This is a delicate time to dump extra expenses on students living away from home and their parents, but $200 or so for tenant insurance could be a smart purchase.

Students attending university or college away from home should have the cost of tuition and accommodations squared away now, and the shock over textbook prices should be wearing off. Now, it’s time to look at insurance.

There’s property insurance to consider – students need coverage for their belongings, and against liability claims if the property where they are living is damaged or someone is injured there. It’s also worth thinking about car insurance. It’s possible to get a discount when insuring kids away at school so they can drive the family car when visiting home.

Students who use the family home as their primary address – they plan to move back home at the end of the school year and have not officially moved out – may be covered to some extent by their parental home insurance policy. Two things to check: Is there a dollar limit on coverage extended to a student’s belongings, and does coverage apply if the student lives off campus? Some companies may extend coverage only to students living in residence.

In cases where a student is covered by a parental home insurance policy, there may be a dollar limit on the value of belongings covered, say $10,000. Liability coverage for the student should be the same as indicated on the parents’ policy – usually $1-million.

Be thorough about seeing whether the limited amount of coverage for belongings under a parental policy will be enough. “You want to be sure that you’re covering all belongings – everything from textbooks to yoga pants,” said Rebecca Conlin, a customer service specialist at Sonnet Insurance. “Students will want to take their apartment and flip it upside down. Anything that falls out is your personal belongings.”

Tenant insurance adds to the expenses of students and parents, but it makes sense on a couple of levels. For one thing, it insulates parents from premium increases if their child makes a claim. Tenant insurance also offers the comfort of knowing a child has a set level of coverage, regardless of whether he or she lives in residence or off campus.

“It’s a pretty quick, low-cost, low-hassle type of insurance,” said Janine White, vice-president at the online insurance marketplace “It’s not uncommon to see $25,000 to $50,000 worth of coverage [for belongings] and $1-million in liability for $20 per month or so.” Note: The standard deductible for tenant insurance is usually $1,000.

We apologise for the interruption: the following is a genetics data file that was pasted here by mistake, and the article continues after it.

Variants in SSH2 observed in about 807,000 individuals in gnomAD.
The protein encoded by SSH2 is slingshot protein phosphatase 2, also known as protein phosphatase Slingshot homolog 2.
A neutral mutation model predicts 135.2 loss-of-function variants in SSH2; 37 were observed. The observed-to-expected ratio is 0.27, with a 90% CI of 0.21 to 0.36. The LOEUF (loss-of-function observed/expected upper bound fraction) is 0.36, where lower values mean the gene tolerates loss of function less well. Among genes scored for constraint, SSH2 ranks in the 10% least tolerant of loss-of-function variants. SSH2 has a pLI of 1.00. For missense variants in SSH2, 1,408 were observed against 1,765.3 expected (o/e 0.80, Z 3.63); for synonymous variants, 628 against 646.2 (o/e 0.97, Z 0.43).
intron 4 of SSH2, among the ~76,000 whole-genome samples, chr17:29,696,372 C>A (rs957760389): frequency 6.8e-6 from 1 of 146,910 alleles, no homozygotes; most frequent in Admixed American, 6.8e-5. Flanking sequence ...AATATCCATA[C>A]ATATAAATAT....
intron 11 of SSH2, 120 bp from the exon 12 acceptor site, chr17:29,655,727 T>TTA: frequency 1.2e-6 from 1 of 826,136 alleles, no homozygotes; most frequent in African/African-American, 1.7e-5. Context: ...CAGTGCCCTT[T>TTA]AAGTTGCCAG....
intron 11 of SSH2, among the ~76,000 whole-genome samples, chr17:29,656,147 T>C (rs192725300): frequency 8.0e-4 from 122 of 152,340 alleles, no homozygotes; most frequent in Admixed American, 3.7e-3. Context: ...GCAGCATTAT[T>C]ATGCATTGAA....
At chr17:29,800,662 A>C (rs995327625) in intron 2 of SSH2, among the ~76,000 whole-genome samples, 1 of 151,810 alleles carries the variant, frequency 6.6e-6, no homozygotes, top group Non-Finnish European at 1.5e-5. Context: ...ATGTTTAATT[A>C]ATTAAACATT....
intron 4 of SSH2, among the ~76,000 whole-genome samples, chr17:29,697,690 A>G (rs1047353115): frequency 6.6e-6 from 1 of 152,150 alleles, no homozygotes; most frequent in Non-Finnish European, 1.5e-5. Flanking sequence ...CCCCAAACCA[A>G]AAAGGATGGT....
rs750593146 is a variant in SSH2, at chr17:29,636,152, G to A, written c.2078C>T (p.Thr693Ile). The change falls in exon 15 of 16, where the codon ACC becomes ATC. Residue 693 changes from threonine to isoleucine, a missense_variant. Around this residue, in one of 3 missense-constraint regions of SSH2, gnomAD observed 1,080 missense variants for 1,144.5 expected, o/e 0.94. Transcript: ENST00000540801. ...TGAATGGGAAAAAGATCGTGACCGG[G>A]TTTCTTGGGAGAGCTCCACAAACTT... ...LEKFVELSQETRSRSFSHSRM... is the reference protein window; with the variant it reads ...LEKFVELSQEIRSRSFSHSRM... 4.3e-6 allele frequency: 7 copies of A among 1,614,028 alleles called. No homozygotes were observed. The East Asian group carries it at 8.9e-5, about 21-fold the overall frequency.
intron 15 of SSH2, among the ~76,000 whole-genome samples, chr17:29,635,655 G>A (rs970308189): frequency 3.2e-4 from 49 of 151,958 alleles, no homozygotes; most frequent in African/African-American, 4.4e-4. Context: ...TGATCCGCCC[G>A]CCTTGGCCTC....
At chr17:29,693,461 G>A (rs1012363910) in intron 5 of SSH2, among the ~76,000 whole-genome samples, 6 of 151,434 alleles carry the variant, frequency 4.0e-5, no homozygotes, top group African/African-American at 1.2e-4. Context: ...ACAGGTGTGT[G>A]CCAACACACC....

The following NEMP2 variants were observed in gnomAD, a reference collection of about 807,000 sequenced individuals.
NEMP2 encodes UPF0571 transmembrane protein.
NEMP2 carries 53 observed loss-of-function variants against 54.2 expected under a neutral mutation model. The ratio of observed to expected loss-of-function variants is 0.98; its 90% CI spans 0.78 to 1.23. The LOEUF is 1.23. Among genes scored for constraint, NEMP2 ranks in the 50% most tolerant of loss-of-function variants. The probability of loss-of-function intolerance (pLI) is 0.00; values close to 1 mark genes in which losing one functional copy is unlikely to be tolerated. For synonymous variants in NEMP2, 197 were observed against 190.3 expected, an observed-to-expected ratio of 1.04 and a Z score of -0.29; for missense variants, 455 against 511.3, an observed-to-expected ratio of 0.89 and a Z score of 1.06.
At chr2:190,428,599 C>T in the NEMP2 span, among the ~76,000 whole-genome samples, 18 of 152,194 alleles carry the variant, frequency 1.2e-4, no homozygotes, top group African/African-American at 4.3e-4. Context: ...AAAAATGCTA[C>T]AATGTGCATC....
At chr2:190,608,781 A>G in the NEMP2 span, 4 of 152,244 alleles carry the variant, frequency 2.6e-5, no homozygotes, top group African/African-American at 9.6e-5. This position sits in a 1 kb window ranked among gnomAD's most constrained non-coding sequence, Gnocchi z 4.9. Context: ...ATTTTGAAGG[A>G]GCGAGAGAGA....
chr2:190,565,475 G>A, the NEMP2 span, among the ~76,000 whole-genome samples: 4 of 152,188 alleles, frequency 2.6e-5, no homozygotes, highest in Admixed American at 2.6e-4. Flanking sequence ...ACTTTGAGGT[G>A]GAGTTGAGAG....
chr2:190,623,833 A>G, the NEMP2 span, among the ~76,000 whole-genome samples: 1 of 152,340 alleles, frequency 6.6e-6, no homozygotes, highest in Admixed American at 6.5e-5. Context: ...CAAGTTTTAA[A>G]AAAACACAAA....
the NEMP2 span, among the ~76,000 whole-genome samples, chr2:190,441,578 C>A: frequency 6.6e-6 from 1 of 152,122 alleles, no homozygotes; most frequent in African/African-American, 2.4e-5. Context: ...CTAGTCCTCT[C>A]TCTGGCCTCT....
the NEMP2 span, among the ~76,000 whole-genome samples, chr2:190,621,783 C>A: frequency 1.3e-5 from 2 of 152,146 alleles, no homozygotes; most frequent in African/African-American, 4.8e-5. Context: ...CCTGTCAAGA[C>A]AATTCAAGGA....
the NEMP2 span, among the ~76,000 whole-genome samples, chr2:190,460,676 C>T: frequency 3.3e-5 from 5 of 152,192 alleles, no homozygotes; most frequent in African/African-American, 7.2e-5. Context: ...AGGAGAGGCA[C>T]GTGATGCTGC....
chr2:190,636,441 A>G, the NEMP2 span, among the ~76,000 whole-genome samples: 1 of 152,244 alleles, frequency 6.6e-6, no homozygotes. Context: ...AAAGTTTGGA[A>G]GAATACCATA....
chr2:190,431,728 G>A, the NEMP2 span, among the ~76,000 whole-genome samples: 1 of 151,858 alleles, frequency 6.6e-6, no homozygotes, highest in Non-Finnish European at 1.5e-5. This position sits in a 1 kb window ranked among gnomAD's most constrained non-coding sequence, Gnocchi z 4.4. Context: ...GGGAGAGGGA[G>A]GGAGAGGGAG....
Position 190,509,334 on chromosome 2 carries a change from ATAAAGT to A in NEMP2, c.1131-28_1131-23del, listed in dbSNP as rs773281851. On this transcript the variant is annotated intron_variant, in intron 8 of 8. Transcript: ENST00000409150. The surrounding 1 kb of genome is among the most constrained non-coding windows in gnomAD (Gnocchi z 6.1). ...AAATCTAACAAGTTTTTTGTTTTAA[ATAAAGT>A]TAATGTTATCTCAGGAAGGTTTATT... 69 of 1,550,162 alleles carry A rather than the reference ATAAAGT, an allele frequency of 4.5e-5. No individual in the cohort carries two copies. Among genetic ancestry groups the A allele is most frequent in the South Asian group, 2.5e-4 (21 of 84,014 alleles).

University residences may require students to buy tenant insurance. If a student is living off campus, Ms. White urges them to be up front with an insurer to disclose whether they have roommates. She said some firms may not issue a policy if there are multiple roommates.

Students can get tenant insurance for as long as they need it, and then cancel. But Ms. White said there’s a case to be made for hanging onto it to build a history as a claims-free customer. This may help a young adult get a more competitive rate on home insurance down the road.

For car insurance, parents should see whether their insurer offers a “student away from home” discount. This discount could reduce the cost of listing the student on your policy by as much as 30 to 50 per cent. This price break applies when students attend a university or college that is typically 80 to 150 kilometres away from home. Coverage applies when the student returns home after the school year, and during periodic visits home.

Taking a student off the parental car insurance policy altogether can be costly when that student gets his or her own coverage later on. Having a record of being continuously insured helps contain the often stiff cost of young people insuring their vehicles.

“Over all, I do recommend leaving the student on [the family insurance policy],” Ms. Conlin said. “It looks good to have absolutely no gaps in coverage – you build up your insurance record.”

Finally, students with good grades may be eligible for a car insurance discount. According to, full-time students between the ages of 16 to 25 who have a B average or better may qualify for a discount of as much as 10 per cent. The thinking here is that a student who maintains good grades will be a responsible driver.

The Globe and Mail, September 17, 2018